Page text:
Looking at Intersections in the Creation of our Logo

Love Intersections
In releasing our new logo, we also thought it would be a good idea to share the story behind the logo – because there is great story behind it!

When we came up with the idea to do a blog about race, one of the things that was really important to us, was language and writing.  The brush stroke style typography is an ode to our Chinese and Taiwanese ancestry – and the journey that we have gone through in our own lives in engaging with our racial identities.

For me, when I was growing up in South Vancouver, I remember trying to be “more white”…because there was pressure from the community around me to not “behave like an immigrant”.  It wasn’t until later on when I was in university where I had this desire to know my background, and eventually I really embraced my Chinese heritage – including, learning to do calligraphy.

One night a few months ago, over a bottle of wine, Jen and I were looking at some of the calligraphy I had been working on, and realized that the Chinese character for “heart” (心), has elements of the letter “L”, which would add a beautiful and relevant symbol to the logo – an intersection of language and culture, rooted in our hearts.

So there you have it: a logo that is an intersection of an intersection, of intersections! 🙂

In love and solidarity,

David Ng

Love Intersections: The Philosophy, The Love!

Check out our new trailer!

Jen, one of the co-founders of Love Intersections talks about the philosophy behind Love Intersections – the project itself, an intersection of art, activism, and love.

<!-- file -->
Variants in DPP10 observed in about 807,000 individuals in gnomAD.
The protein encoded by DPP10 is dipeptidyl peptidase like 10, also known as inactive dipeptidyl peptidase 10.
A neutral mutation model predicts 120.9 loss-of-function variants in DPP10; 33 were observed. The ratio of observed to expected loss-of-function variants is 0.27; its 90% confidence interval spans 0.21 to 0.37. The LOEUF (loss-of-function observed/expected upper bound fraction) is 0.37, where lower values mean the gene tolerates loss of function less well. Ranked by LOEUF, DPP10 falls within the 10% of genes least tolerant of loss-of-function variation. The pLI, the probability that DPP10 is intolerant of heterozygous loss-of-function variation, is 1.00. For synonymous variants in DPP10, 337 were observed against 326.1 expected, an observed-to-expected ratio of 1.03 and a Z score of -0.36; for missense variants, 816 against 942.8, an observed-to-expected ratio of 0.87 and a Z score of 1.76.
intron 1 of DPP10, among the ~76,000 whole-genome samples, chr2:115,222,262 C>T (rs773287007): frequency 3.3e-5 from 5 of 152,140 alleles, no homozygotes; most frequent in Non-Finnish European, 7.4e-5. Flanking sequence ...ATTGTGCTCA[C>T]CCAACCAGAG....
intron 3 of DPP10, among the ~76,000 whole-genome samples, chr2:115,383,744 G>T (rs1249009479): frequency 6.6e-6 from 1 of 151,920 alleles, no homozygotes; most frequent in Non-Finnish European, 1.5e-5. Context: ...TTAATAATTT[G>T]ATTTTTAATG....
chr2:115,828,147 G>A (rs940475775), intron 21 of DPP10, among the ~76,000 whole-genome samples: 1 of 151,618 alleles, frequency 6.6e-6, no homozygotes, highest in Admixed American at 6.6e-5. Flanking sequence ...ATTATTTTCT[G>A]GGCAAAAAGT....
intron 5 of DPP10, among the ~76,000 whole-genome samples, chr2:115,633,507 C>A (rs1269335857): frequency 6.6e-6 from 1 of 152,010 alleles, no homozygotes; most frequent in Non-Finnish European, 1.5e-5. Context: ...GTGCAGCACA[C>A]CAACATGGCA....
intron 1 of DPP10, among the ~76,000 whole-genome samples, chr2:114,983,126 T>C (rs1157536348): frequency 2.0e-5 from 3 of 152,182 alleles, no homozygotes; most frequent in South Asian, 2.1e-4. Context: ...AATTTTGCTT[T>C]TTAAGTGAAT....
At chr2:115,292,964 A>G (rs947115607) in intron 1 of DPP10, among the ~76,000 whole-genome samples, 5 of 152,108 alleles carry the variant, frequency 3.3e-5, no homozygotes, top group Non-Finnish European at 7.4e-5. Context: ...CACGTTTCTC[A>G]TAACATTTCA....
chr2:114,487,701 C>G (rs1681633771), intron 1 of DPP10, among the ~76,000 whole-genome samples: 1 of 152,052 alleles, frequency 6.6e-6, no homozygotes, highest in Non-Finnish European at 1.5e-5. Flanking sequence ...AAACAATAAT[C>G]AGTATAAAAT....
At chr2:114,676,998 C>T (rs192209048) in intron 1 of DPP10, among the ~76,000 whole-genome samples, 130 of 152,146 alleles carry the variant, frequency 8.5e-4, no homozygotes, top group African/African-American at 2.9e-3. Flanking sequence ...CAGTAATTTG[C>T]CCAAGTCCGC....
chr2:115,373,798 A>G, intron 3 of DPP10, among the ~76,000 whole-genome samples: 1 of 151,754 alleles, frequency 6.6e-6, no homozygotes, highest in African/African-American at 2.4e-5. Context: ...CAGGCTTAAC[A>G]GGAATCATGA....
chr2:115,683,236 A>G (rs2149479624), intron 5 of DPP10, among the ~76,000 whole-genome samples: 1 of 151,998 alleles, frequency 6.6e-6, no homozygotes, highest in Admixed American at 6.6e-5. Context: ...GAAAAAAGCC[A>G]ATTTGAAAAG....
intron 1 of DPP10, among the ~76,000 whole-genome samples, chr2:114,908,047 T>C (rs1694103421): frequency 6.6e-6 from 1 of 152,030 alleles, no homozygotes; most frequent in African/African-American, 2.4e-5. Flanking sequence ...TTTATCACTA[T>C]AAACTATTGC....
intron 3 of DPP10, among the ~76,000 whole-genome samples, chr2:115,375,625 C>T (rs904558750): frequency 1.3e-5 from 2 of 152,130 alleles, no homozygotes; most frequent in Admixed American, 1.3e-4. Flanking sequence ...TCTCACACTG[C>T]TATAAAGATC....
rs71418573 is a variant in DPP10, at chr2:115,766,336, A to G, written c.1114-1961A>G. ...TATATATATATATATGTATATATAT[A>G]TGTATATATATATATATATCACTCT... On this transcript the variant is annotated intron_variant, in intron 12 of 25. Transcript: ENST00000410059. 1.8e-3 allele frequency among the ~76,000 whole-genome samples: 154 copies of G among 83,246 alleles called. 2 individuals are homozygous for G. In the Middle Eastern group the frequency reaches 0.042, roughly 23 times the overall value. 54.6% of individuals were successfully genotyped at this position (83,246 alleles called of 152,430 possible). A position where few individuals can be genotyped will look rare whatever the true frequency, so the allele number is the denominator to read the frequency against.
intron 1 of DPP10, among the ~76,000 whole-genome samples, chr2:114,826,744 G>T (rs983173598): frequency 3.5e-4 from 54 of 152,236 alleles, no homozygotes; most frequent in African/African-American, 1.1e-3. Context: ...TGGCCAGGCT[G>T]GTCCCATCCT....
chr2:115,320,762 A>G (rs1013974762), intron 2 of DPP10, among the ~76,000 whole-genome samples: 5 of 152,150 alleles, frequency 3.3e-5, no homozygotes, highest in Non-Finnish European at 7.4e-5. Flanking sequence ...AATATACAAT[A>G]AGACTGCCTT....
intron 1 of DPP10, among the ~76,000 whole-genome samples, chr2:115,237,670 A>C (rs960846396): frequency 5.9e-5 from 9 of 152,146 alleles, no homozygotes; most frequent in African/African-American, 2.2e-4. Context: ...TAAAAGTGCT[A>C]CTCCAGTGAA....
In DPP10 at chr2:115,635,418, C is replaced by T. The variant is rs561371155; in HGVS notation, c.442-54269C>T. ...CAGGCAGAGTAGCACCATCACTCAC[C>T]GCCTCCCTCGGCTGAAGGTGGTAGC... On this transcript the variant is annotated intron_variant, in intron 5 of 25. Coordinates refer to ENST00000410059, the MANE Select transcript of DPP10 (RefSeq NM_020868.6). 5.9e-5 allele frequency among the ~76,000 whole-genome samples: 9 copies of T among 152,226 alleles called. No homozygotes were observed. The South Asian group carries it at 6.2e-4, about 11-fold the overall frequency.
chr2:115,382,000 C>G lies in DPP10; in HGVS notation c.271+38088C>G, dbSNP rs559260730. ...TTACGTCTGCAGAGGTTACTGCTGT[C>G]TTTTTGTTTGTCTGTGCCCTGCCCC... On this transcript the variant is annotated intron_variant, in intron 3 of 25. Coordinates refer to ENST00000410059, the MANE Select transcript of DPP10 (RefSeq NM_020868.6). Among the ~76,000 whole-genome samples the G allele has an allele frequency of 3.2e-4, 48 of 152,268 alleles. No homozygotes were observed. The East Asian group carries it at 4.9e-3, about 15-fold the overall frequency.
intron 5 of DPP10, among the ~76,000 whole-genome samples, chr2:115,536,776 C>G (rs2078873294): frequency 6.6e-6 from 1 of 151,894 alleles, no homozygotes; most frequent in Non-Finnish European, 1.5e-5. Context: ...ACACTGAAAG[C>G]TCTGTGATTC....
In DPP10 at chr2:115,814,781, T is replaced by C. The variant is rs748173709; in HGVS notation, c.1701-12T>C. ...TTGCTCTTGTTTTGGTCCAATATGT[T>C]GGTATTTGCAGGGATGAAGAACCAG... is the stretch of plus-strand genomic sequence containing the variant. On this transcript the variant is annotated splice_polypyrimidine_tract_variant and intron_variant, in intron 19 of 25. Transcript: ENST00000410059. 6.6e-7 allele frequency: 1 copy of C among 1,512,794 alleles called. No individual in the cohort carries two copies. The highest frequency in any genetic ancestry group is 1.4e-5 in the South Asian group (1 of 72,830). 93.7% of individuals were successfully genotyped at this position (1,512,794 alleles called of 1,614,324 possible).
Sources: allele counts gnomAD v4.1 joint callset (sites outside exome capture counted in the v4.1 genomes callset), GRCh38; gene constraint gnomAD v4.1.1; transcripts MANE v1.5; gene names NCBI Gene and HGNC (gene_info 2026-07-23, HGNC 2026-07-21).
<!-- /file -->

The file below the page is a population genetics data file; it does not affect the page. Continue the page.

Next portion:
Love Intersections: Art as an Expression of Our Activism from David Ng on Vimeo.

Reaching Across


One of the reasons we decided to put together this blog was to embark on a journey to discover ways that we can “do” transformation, with the idea that social change happens best through solidarity, building community, and sharing stories. Making efforts to do our work through a language of love and solidarity, has allowed me to consider ways I can texturize and nuance the approach to the anti-oppression work that I hope to do.

The past year has shifted my lens in the work that I do – especially coming from a place where, as an activist, I felt I was doing transformative work, solely through “calling out” oppression, and organizing against ‘oppressive systems’.  A few months ago, I started working for a theatre company, that uses the ‘language’ of theatre to dialogue with community  about social issues.  One of the approaches that we have is to truly honour people’s stories – including those who we believe are ‘being oppressive’ – and to acknowledge that we are all members of communities.

While my “anti-O” training gave me a lens to critique and analyze power and oppression, often times I find it is easy to use the tools of “critique” to make quick categorizations, and to “Other” people who I believe are in opposition to me – especially people who exercise oppressive power.

One of the things that has been a great learning for me in my new job is this idea of “humanizing” people that I may construct in my head as “the opposition” or “the enemy”.  While I may not intentionally “dehumanize” people, it’s easy to make judgements and categorize people who we view as “the problem”, because it’s easier for us to process them in our understanding of how “the system” works.  For example, when someone is homophobic towards me, it’s easier to categorize them as an ignorant, patriarchal, homophobic asshole – than it is to actually look at them as people from my community.

Even though I may disagree with homophobic people, when I begin to see them not just as two dimensional “homophobic persons”, but rather, when I begin to see them as brothers, as fathers, as cousins, as sisters – as people with struggles – it allows space for us to have a moment of understanding, and perhaps an opportunity for dialogue.

I’m learning that you can’t change peoples actions by proving them wrong – but by honouring their stories, we demonstrate our own willingness to affect social change through building solidarity.  And, of course, smothering them with love 🙂

In love and solidarity,

David Ng